Patients with heart failure are to test a new type of heart pump.
The failing heart is bigger and does not pump efficiently
Older style pumps are prone to wear and tear and have had problems with blood clotting, increasing the risk of stroke.
Doctors will test the VentrAssist device, developed in Australia by Ventracor, to see if it overcomes these problems.
Heart surgeon Steven Tsu, of Papworth Hospital in Cambridge, hopes the trial will get the go-ahead this month.
Papworth is the only hospital in Europe to take part in the trial.
With the help of four other hospitals in Australia, the researchers plan to test the device in 30 heart failure patients awaiting a heart transplant.
Later, patients who are not suitable for transplants may also be fitted with the devices.
Each device will cost between £80,000 and £100,000, including the intensive care the patient will need, but the cost is expected to fall over time as more devices are fitted.
The researchers say they will look at their results after six months.
VentrAssist is a type of left ventricular assist device (LVAD). It, and another type called Incor, have been designed so they should be long-lasting.
They are designed to help the pumping action of the left ventricle - one of the four chambers that make up the heart.
They give the heart muscle time to rest or recover and can support the failing heart until a donor heart becomes available for transplantation.
This relieves the symptoms of extreme breathlessness and fatigue associated with severe heart failure.
In the past, LVADs were large pieces of equipment used only in hospitals. More recently, much smaller devices have been developed for internal use.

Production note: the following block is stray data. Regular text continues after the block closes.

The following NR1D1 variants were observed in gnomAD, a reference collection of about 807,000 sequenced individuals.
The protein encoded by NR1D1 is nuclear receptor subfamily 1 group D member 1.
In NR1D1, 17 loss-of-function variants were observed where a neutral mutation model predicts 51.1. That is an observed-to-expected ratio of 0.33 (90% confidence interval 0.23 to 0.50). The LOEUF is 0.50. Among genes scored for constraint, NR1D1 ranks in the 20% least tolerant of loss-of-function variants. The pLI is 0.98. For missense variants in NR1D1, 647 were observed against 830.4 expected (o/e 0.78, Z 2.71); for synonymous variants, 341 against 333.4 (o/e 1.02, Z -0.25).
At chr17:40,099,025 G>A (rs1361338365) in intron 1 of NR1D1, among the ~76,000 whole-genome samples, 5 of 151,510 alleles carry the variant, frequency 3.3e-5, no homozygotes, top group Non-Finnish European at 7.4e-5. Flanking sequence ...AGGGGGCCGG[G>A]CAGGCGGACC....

But these have a tendency to make the blood pool and clot and are prone to failure because of their complicated design.
VentrAssist is different because it has only one moving part to pump the blood in a continuous stream, which its manufacturer says avoids the problems with clotting and wear and tear problems found with other LVADs.
It has two tubes - one draws blood from the left ventricle into the pumping device and the other sends the blood out into the aorta, which is the body's main artery from the heart.
Six copper coils within the pumping chamber of the device generate magnetic fields that make the free-floating blades spin round.
The device sits between the heart and the ribs
The continuous pumping means the patient's pulse is replaced by a constant whir - similar to the sound of a washing machine.
According to the British Heart Foundation, LVADs are a temporary measure - the longest that one of these devices has supported a patient so far is two years.
But VentrAssist's developers believe this device could provide a permanent alternative to heart transplants.
Mr Tsui, cardiothoracic surgeon and director of mechanical assist heart services at Papworth Hospital, told BBC News Online: "For the first time, we're seeing pumps that have the potential to provide a lifetime of support."
He added: "In the UK there are 130-140 heart transplants performed per year but there must be 10 times that number of people who could benefit because there is a shortage of donors.
"This type of device has got the potential to be an alternative."
He said there were half a dozen similar devices in development around the world.
Alison Shaw, cardiac nurse at the British Heart Foundation said: "This is welcome news for people with severe heart failure who may benefit from these devices.
"However, until results of long term studies are published the use of these devices will be limited to a selected number of cases."